Her work appears like a heterogeneous collection of images and situations of representations of blackness in a kaleidoscope, drawing out tensions and conflicts between gender and representations of race as a stereotype. Her work locates new parameters for an art in tune with the questions of Afro-American and diasporic studies. Its humor is corrosive without being perverse; there is always an epic narrative in which the dramas of the past help to orient us in the present. As the African proverb says: “If we do not know where we are going, we must ask ourselves where we come from."

1 Translator’s note: libertad de vientres was a juridical principle that granted freedom to children born of slaves.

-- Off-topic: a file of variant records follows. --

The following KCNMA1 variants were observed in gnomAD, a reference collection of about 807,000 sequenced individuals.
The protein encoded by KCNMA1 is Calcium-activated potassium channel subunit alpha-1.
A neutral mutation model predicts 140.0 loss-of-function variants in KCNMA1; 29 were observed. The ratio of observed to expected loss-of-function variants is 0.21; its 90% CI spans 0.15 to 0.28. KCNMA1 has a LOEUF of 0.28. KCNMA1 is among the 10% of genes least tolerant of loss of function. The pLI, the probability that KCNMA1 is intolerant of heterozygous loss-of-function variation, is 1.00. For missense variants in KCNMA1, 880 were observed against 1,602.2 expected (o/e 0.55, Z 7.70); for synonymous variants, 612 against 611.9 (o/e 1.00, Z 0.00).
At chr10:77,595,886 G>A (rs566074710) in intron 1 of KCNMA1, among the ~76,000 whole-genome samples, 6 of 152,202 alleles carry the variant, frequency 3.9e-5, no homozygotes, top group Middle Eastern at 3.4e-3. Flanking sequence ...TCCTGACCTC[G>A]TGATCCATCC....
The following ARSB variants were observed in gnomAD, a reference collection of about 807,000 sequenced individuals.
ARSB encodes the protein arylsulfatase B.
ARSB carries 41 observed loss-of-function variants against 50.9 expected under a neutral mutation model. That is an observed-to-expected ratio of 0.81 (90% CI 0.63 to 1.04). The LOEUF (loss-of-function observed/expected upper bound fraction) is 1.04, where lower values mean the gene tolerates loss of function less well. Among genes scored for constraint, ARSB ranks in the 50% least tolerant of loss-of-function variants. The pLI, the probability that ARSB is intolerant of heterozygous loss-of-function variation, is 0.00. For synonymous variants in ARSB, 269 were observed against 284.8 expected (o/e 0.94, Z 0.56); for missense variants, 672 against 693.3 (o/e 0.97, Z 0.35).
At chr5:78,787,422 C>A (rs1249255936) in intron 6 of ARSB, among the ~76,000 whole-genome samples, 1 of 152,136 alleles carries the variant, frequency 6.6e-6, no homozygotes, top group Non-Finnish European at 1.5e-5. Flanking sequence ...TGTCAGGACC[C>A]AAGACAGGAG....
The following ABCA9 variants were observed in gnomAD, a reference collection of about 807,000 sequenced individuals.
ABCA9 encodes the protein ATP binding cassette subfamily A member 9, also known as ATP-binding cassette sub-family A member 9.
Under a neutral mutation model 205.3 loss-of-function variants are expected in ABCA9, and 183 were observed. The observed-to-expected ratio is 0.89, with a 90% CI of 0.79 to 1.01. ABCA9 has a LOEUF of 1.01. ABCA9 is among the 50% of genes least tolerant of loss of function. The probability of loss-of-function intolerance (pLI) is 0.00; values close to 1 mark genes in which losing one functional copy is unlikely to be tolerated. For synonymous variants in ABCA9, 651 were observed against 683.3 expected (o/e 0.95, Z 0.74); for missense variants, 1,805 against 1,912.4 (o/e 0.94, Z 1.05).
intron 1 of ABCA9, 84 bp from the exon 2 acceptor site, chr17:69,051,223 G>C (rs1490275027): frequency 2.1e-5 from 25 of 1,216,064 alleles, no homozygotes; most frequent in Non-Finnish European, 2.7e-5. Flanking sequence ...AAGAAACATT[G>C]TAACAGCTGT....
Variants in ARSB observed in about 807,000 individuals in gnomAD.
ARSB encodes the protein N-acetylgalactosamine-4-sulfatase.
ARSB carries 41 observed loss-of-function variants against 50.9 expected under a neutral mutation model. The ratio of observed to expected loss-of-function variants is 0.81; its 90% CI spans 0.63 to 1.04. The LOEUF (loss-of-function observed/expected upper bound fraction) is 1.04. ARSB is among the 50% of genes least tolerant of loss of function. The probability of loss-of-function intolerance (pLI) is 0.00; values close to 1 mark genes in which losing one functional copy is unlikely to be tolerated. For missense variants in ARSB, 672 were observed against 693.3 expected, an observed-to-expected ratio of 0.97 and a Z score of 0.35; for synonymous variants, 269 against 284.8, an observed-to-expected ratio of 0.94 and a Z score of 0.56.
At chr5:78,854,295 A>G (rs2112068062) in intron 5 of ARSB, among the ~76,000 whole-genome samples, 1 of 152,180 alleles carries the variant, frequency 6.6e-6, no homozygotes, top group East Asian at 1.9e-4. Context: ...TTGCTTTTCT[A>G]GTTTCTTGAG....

Zeca Ligiéro has a graduate degree in theater direction from the University of Rio de Janeiro UNIRIO and a masters (1988) and doctorate (1997) in Performance Studies from New York University. Currently he is associate professor and dean of the Center of Letters and Arts of UNIRIO. His experience is based in the arts with an emphasis on theater direction, principally in issues of performance, Afro-Brasilian performance and culture, popular culture, and experimental theater. Among his most prominent books are Divine Inspiration from Benin to Bahia (1993, USA); Iniciación al Candomblé (1995, Colombia); Malandro Divino, a vida e a lenda de Zé Pelintra (2004, Brazil); and Carmen Miranda: uma performance afro-brasileira (2007, Brazil).